Mood of Middle India
Unless you’ve spent the last month on the planet Mars, you’ll know what Kya Aap Paanchvi Pass Se Tez Hain? is. The first episode was telecast on Star Plus on Friday and my guess is that it will be a huge hit.To appear on the show, you have to phone a number — which lakhs of people have done. If you make it to the first stage, you are interviewed by the producers in one of
several cities. Tapes othe best auditions go to Bombay where a long list is compiled. A jury looks at the long list and selects candidates for a shortlist. Some of these people make it on to the show.
When I was asked by Siddhartha Basu and Star TV’s boss Uday Shankar to be part of the jury I agreed not only because both men are old friends (both produced shows I anchored during the 1990s), but because I thought it would give me an opportunity to view a cross-section of middle India — even if it is only on tape.
Before each schedule, the jury, consisting of Siddhartha, ad filmmaker Prahlad Kakkar, myself and senior executives from Star and Synergy (Siddhartha’s company) meet in a Bombay hotel. We examine over 180 application forms and watch the same number of auditions.
So far, we’ve chosen the contestants for two schedules and I’ve seen close to 400 auditions from all over the country. It’s been exhausting. It’s been fun. But most of all, it has given me an insight into the hopes and aspirations of people from all over the country, from virtually every level of the TV-viewing middle classes. We’ve seen bankers, Infosys programmers and airline pilots. And we’ve seen ticket collectors, dhaba-owners and middle-aged housewives from small towns.
Obviously, this is not a representative sample. But here are some of the things I learnt about the mood of middle India while participating in this process.
Religion: For some reason, the first question on the application form asks contestants to state their religion. I found that all religious minorities (Christians, Sikhs, Muslims etc) gave straightforward answers. But a surprisingly large number of Hindus took exception. On many forms, people wrote things like “humanist” or “agnostic”. It was almost as though they resented being asked.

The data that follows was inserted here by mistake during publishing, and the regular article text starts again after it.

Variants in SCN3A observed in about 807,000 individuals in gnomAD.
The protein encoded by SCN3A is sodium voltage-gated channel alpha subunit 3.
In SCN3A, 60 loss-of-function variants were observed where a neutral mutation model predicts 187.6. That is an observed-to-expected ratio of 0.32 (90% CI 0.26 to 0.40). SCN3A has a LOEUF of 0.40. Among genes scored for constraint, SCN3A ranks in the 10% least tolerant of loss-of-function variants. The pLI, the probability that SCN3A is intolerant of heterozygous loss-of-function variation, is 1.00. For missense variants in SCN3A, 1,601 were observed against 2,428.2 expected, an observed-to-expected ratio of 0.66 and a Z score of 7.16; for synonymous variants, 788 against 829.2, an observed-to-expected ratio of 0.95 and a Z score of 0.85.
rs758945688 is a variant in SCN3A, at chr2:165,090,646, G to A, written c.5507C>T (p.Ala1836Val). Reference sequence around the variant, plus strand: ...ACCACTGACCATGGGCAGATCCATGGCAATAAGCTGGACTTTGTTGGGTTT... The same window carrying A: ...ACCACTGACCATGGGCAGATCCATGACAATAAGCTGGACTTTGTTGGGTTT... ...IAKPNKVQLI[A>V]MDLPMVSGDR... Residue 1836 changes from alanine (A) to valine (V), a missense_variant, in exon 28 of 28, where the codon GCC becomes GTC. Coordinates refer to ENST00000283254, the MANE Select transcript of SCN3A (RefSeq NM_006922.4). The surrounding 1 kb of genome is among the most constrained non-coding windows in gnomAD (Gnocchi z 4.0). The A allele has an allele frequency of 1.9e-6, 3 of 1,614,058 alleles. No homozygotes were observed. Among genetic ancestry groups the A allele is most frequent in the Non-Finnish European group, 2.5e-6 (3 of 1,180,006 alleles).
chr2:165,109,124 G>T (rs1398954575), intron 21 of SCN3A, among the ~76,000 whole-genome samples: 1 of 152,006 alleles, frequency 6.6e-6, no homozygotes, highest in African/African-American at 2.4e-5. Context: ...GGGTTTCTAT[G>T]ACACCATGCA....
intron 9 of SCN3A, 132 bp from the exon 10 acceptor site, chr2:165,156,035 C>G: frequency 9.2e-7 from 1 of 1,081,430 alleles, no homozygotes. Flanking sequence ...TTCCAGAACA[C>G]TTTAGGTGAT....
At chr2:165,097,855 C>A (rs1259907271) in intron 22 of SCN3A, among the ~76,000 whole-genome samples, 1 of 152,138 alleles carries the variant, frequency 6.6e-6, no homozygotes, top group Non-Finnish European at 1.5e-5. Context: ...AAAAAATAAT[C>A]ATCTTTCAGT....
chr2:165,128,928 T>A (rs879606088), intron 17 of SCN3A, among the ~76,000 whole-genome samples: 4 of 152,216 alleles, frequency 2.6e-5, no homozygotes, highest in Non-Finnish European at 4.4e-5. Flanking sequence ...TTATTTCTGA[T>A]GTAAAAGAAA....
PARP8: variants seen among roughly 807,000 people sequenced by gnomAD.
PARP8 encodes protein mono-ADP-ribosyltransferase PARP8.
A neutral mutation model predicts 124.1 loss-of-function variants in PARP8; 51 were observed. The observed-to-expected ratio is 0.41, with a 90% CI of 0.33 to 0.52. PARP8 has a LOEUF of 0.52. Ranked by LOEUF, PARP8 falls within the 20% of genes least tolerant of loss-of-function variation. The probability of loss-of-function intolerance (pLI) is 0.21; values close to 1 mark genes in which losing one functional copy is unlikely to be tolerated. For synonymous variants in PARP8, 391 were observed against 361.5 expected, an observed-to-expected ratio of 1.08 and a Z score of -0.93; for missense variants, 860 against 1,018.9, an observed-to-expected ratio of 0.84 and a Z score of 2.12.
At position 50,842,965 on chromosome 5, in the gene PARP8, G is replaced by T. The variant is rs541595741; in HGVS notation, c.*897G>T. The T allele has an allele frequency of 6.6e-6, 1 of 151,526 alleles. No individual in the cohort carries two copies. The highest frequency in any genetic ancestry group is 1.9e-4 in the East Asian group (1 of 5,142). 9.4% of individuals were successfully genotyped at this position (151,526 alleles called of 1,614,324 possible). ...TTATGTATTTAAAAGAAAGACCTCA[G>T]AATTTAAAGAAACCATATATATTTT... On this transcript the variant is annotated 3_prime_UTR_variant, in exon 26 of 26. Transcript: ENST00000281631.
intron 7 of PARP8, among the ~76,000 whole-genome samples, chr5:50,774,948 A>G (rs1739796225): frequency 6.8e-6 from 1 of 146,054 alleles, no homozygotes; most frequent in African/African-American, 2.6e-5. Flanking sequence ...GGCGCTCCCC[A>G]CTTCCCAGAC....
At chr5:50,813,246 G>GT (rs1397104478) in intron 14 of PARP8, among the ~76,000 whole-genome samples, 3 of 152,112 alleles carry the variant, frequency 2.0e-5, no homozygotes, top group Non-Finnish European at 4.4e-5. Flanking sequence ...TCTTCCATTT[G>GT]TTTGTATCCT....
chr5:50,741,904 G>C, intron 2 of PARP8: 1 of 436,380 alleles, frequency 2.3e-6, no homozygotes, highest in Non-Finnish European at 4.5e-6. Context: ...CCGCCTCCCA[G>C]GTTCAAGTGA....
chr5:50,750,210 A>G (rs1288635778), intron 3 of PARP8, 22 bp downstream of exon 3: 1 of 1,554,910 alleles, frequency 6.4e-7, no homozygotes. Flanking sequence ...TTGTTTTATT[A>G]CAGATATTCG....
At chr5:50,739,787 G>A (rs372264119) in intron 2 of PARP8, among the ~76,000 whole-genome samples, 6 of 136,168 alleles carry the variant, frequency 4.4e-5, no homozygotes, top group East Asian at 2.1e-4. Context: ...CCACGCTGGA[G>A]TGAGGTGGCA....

Not that there was any objection to God himself. The form asked people to describe themselves. One of the most common descriptions was “God-fearing” used in a positive sense. On the other hand, when contestants were asked what they would do with the Rs 5 crore if they won, some said they would give it to charity, but nobody mentioned a religious charity, a temple, a mosque or whatever.
Indian secularism also seems alive and well among the middle class. There were many Muslim applicants and, without exception, all of those whose auditions I saw were unselfconscious and proud of their Muslim identities. Many women in burkhas turned up to sing. So did many men in skullcaps and beards.
They referred to their Islamic identities in their auditions (“Hai Allah!” etc) in a matter-of-fact way and acted as though it made no difference — which, of course, it should not. At a time when there are fears about the communalisation of the middle class, it was encouraging to see Indian secularism in action.
As interesting for me was the column where contestants were asked to list their close friends. Many Hindus listed Muslims and, oddly enough, Muslims tended to list mainly Hindus